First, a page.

Nah just kidding, but people tend to be so serious about these genres and imaginary genre rules. Dance music has already proven itself to move in circles, all feeding off the same sounds and loops. They are just presented differently. I remember seeing a great set by Amelie Lens a few years ago and just thinking, ‘Wow, this whole set, the sound of it is so close to what an early rave gabber DJ would have played in Rotterdam back in the day.’ That whole idea of that circle is such a beautiful thing.
How has the public perceived this transition? If there were any mixed reactions, how did you address them?
There is no transition we still drop new hard-knocking Yellow Claw rave music every month and play the biggest festivals in the world with that name. We do, however, have another one in which we play small intimate afterparty rooms with trashy and sexy old-school house music. If you are into that, I would advise you to come check it out, if that’s not your thing and you are not open to new musical experiences with us, I would advise you to not come. It’s that easy. And, if you don’t like it, that is perfectly fine too. No biggie. But genre thinking has been dead for a while and will never come back from that. Look at which people are working together now, and what crazy lineups festivals and clubs dropping.
In terms of music and aesthetics, were there any other artists you drew inspiration from for this project?
Not that much in aesthetics, the whole idea of the €URO TRA$H aesthetic is that it’s not about overthinking. That is why there is a non-visual show, no effects, no co2, and no smooth artwork. It is just about the music and feeling the vibe in the club. It is not an EDM spectacle. It’s just going back to the roots. And yes, some super inspiring artists are balancing vintage with those new sounds. People like Sosa, Westend, Clonee, Wax Motif, and so on.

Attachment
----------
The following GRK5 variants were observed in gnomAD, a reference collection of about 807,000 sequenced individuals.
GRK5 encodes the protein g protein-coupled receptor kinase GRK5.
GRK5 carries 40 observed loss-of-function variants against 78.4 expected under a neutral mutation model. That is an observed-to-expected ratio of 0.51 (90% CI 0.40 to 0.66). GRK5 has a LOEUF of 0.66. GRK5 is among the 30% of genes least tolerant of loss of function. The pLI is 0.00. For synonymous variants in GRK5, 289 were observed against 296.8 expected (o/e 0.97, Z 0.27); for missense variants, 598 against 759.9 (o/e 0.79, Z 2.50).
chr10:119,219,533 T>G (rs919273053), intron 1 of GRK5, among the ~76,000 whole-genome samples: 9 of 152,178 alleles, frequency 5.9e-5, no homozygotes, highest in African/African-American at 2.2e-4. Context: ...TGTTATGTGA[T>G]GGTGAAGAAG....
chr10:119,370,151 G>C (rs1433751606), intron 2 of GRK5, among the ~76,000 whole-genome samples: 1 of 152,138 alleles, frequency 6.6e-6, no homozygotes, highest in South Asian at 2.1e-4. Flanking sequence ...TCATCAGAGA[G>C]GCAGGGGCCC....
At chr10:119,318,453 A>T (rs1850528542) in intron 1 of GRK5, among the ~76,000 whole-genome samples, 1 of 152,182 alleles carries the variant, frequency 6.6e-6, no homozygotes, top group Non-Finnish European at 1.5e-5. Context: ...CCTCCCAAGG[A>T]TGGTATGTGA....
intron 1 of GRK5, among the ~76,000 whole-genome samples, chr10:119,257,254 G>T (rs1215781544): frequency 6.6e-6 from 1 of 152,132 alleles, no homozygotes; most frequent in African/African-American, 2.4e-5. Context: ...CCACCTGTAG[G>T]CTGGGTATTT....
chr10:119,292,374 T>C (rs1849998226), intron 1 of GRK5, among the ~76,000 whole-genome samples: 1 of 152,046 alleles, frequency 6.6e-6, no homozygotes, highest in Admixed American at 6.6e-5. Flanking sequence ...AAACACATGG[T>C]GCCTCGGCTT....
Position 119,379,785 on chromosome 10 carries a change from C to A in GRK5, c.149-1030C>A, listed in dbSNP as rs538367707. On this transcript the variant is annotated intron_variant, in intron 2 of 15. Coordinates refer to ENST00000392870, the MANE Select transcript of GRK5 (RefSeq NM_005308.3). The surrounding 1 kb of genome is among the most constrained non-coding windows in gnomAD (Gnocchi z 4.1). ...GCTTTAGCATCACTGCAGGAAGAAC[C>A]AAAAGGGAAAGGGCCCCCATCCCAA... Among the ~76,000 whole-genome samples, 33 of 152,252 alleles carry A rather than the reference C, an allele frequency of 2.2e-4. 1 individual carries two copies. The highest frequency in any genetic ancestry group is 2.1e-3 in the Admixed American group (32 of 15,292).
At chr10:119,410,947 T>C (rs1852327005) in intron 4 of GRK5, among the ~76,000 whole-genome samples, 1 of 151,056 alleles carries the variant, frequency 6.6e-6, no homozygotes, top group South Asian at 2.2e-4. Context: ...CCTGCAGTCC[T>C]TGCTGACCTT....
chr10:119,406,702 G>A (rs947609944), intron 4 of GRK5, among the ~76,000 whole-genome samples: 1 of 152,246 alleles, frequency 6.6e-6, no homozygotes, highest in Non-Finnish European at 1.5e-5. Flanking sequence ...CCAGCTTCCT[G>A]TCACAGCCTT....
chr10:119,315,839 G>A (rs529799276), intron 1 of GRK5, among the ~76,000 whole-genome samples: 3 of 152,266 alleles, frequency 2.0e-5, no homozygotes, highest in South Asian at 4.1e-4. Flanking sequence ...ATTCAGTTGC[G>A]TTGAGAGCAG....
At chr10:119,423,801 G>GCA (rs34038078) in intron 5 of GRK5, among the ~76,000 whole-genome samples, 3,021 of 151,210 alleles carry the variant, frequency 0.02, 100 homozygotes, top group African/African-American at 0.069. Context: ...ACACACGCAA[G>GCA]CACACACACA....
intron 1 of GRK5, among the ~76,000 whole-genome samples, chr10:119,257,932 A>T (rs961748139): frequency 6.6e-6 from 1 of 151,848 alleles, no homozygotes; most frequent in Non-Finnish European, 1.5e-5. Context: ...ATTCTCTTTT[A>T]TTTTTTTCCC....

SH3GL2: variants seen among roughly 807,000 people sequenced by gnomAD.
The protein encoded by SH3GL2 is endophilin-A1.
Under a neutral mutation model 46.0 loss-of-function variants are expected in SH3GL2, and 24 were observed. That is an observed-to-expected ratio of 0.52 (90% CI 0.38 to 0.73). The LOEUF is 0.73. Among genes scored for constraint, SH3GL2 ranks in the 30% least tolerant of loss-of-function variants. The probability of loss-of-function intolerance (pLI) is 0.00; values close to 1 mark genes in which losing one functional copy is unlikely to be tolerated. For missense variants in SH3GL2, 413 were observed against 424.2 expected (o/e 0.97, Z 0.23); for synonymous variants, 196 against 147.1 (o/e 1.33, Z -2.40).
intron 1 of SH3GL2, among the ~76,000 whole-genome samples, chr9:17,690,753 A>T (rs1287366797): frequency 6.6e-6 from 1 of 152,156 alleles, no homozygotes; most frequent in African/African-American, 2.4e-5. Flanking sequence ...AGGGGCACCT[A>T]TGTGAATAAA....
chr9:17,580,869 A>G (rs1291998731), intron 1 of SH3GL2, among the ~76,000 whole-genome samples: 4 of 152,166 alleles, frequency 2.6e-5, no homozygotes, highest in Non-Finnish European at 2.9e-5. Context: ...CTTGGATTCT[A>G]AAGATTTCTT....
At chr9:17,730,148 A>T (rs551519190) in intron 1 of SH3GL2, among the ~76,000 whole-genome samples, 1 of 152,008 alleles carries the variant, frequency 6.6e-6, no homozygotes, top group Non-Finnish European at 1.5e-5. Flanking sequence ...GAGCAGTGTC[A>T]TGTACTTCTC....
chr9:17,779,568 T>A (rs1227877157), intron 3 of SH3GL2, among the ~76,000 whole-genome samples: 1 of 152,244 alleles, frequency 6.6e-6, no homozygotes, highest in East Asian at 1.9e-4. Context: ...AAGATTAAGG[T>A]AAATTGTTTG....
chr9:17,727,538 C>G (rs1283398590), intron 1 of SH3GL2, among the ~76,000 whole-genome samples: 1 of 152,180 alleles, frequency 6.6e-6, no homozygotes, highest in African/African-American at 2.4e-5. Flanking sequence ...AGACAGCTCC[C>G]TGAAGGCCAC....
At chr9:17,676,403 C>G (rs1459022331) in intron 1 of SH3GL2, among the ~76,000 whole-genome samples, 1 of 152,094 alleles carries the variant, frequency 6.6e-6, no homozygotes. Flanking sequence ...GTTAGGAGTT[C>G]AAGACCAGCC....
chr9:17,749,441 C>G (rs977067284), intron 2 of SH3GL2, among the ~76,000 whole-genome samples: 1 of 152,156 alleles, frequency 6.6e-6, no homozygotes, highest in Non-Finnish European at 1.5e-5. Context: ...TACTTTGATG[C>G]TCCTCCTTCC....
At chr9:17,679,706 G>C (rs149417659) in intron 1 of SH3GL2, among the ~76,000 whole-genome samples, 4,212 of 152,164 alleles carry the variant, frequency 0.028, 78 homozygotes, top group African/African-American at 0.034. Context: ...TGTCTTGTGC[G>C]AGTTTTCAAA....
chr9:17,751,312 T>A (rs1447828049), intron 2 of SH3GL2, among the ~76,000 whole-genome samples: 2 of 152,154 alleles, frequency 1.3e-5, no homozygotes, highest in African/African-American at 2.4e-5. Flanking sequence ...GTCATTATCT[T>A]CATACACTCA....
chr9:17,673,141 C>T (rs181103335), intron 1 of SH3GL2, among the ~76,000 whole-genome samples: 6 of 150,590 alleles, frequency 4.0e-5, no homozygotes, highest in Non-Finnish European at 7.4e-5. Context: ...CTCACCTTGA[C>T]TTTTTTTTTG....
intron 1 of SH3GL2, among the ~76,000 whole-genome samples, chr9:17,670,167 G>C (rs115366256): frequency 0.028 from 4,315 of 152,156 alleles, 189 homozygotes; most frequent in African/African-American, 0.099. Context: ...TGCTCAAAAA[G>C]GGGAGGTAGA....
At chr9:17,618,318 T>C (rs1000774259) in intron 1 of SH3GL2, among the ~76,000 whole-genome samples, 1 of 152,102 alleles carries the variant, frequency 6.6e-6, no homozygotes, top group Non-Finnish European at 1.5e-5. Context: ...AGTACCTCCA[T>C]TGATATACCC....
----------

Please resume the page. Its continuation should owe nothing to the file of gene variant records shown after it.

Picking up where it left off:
What has been the most “wow this worked" moment or turning point in the development of €URO TRA$H so far? How have those differed from your Yellow Claw performances?
I think when we first made "1F2F" and played it that same night in the Bootshaus club, that was the ‘yeah this connects, this is what it should sound like when it all comes together.’ Another moment was when we played a surprise set at House of Wax at the Palladium in Los Angeles last year, that’s a big venue with a lot of history, and it was filled up with house music fans of Wax [Motif]. That is when we got them not relying on the Yellow Claw brand. We felt like this could become a thing, not knowing that soon after we would be playing shows in New York, Tokyo, and Bangkok. Now sometimes we have a show request for YC and ET on the same day in different parts of the world, and hard decisions must be made.
Were there any moments you were hesitant about launching this project? If so, why, or why not?
No, we just wanted to do it right, because we initially made the songs to DJ them, and we know it’s a tough transition in a DJ set going from 160 bpm hard techno or trap, and then suddenly going back to this super groovy and vibey 126 bpm song. We didn’t want it that way and just really were excited about playing these long sets where you play all the drops of a song, not just the first.
In 2020, you released a video on YouTube named “Yellow Claw presents €URO TRA$H: The Art of €URO TRA$H.” Where did the inspiration for dressing like the '1700s come from?
Ahh, that was merely a joke, I kept seeing this meme on all these techno accounts of these three guys from this vampire movie looking down on the people from this balcony. We recreated that meme and did a DJ set like, just to f*ck with the people and their perceptions. I’m surprised you don’t know the meme hahaha. No judgment though.
How did working with Bonnie Strange and Psycho Boys Club contribute to the first LEGIT TECHNO BANGER, “Trust You”? Can you share any interesting stories from the making of the track and its music video?
All of us were hanging out in Bali for a while, and we wanted to create this Berlin-style techno banger with Bonnie. The video is in the same aesthetic too, and was just super fun to do. Looking back at it now, I feel the song was still too hard and loud for what €URO TRA$H would later become. It is way closer to a Yellow Claw thing. Maybe we should remix it ourselves.
What was the motive and interest behind the ¥€$ album, and how did you manage to maintain a consistent theme centered around wealth, partying, and ego throughout the entire record?
Well that wasn’t easy, but we kept on repeating the same mantra in our minds. All this music is made for the first Miami strip club that only plays real house music. That was the holy grail. House music for strippers.